"It looks like customers are being overcharged hundreds of dollars done through unreadable phone bills. It says that the profits from the FCC Line Charge were never checked - even though the charge keeps increasing - and that the Universal Service Fund is a slush fund that is constantly growing. Apparently there's even a charge on the phone bill to fund the 'Spanish American War'…that was in 1898 for Pete's sake!" He is waiving his big arms for emphasis. "There are no regulators examining the entire bill for these profits!"

"You've got to be kidding me?" She shakes her head in disbelief. "Harold, I haven't seen you this animated since you had to leave the office because of the blackout and we couldn't get the paper out."

"If this stuff is true, I'm really pissed, and so should every other American consumer who thinks these companies can be trusted to 'do the right thing'. I want you to do it as a mystery writer looking to uncovering more and more fraud and deceit. Go through each charge and uncover the truth about this. Let's Tell-The-Truth, whatever it may be."

"Do you think we'll have trouble convincing the other heads at this paper about going on it so strong? Don't all the phone companies pay us large sums of money to advertise and..."

"Check out this story and get back to me. We'll worry about that other stuff later. This report just came out and so far no one has had the balls to do anything about it. Every one of our readers pays phone bills, right?"

"Is this about AT&T, Verizon or MCI or…? Isn't MCI already being investigated?"

"According to Teletruth, this is about the local 'Bell' phone companies - Ma Bell's kids." He takes out the Executive Summary. "BellSouth, Verizon, (who owns GTE, NYNEX and Bell Atlantic), SBC, (which owns Pac Bell, Ameritech and Southwestern Bell) and Qwest, which was US West. Damn. This is already looking like these guys merged together so they wouldn't have to compete with each other. Check that out as well. And it's about the quiet local phone monopolies, not the wireless or long distance companies."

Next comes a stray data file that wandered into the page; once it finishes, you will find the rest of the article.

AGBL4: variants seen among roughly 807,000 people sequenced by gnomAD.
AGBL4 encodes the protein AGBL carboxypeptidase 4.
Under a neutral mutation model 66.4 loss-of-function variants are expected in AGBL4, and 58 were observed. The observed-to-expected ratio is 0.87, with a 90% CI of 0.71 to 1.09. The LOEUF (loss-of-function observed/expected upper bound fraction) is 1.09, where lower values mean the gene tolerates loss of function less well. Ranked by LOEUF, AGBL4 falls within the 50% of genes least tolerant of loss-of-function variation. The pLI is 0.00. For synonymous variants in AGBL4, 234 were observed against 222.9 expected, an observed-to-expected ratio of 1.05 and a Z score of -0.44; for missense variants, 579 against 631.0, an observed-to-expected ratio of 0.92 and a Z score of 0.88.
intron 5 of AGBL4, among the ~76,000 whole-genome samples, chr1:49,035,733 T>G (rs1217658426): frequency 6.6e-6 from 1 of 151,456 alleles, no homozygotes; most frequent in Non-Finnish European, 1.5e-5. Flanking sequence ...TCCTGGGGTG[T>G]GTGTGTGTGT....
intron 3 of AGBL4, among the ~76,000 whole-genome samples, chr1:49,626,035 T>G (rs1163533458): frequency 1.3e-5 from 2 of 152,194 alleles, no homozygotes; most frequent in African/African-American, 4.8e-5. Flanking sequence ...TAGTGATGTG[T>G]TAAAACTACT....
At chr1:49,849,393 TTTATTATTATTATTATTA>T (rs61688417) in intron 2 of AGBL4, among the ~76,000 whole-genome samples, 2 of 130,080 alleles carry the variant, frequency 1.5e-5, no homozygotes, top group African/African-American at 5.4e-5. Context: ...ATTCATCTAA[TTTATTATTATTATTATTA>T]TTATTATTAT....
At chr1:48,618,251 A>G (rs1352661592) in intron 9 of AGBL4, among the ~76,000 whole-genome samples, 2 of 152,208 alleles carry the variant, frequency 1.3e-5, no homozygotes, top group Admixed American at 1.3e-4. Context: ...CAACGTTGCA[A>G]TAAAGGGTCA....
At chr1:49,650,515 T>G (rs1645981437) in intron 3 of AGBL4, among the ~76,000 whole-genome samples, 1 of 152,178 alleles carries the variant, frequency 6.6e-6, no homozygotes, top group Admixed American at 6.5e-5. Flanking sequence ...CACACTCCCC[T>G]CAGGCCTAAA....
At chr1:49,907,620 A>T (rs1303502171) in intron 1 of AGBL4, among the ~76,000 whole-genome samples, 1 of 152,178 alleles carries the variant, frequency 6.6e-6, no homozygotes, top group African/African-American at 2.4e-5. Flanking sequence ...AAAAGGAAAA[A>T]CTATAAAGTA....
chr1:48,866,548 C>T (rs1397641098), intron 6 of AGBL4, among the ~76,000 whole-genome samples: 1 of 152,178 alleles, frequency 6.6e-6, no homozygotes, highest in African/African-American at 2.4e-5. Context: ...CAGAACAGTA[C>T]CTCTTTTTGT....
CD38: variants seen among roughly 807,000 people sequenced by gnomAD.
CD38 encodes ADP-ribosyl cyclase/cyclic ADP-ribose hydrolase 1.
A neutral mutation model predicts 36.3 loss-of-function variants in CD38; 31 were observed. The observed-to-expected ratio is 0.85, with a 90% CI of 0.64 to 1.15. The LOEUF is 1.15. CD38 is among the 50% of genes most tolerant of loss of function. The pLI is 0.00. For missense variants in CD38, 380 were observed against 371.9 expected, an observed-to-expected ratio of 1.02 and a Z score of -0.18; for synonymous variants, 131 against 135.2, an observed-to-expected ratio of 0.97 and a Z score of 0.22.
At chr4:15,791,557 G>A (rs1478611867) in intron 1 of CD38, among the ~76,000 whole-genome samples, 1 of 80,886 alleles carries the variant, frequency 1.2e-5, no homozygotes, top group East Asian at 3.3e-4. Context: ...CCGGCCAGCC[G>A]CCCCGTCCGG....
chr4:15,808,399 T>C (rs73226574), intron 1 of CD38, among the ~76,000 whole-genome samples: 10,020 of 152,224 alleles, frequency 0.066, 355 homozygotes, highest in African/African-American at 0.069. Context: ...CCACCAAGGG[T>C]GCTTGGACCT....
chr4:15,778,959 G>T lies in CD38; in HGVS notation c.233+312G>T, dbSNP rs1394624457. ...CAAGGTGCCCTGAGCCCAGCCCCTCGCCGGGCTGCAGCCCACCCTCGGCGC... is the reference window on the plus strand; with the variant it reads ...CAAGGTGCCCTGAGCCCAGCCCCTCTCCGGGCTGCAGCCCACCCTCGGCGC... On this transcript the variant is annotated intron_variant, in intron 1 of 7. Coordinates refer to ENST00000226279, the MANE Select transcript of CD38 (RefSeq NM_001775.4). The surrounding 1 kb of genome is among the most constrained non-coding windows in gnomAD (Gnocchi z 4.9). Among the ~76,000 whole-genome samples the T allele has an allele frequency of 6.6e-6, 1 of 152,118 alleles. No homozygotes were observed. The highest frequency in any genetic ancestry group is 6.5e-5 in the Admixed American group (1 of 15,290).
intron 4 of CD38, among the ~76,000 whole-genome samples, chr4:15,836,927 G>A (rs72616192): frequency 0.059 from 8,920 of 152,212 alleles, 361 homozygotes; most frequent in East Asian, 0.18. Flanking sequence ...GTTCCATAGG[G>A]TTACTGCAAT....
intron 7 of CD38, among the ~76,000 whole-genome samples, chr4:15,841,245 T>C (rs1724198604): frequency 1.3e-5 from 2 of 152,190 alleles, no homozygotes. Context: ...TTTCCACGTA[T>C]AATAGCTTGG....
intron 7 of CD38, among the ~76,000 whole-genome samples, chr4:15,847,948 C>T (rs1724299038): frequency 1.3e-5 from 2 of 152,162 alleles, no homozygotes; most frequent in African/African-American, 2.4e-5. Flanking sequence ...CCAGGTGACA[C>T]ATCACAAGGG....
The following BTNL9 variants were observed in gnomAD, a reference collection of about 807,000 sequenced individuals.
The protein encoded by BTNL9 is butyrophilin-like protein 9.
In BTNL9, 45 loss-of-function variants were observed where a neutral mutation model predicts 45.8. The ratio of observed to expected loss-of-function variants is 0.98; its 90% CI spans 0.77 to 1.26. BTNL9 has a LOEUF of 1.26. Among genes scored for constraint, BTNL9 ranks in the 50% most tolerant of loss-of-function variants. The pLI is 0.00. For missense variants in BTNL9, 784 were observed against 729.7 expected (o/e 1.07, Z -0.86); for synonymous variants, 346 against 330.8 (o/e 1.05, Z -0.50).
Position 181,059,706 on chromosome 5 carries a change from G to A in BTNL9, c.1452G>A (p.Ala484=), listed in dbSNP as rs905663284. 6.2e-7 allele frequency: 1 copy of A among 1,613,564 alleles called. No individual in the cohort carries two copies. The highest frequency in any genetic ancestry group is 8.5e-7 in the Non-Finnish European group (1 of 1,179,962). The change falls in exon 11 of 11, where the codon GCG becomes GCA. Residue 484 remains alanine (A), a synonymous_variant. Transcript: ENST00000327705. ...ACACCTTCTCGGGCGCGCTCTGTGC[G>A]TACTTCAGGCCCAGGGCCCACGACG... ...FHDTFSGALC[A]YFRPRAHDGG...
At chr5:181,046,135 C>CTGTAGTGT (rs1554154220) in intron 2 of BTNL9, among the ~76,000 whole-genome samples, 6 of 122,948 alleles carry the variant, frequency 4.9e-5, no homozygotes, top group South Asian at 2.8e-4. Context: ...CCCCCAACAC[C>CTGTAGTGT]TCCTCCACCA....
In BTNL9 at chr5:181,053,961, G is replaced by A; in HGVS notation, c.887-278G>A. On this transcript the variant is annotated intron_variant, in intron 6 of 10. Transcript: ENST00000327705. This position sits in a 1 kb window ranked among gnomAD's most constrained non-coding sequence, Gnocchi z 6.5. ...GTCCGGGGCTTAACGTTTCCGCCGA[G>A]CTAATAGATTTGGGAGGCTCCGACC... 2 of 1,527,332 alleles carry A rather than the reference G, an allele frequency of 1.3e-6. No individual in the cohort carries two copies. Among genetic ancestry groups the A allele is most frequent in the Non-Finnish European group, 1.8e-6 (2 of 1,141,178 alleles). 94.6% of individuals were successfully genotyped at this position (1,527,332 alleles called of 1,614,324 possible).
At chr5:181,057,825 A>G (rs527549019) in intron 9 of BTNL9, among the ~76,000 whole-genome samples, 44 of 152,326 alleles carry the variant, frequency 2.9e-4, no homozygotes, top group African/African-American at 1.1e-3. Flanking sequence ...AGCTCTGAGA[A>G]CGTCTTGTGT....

"They're all merging." Valerie at least knew that much.

"And find out what the FCC, Congress, and the state commissions have done about any of this. The current FCC Chairman's last decision was voted down, and the entire FCC got its butt kicked about allowing media companies to get larger. Is this the same thing?"

"The FCC stands for…?" Harold rocks his seat back and plays with his bright red suspenders. A blank stare comes back from Valerie. Her normal beat was consumer issues, nothing about phone charges and regulation.

He starts again, with his own doubts. "I think it's the Federal... Tele... No, Communications Commission. They regulate the phone companies I guess. I'll have Karl Harrison the business editor, fill us in. See that? If we don't know any of this stuff then the average consumer is walking in the blackout without a flashlight."

Valerie puts the report under her arm and leaves thinking that maybe this won't be as boring as she thought it could be. "Maybe", she thinks to herself, "I can put in something about sex phone lines or something to spice it up", though she thought more of the excitement of reading the white pages starting with the letter "A" than examining phone charges.

But what about this fraud, slush fund, deceit and overcharging? If this is true and I could break this story nationally, every phone customer in America would like that. I'd be a national hero if there are refunds. And who knows, with Worldcom and Enron, maybe this would be a big scandal itself. Why hasn't anyone covered this before if it was real? What is really going on?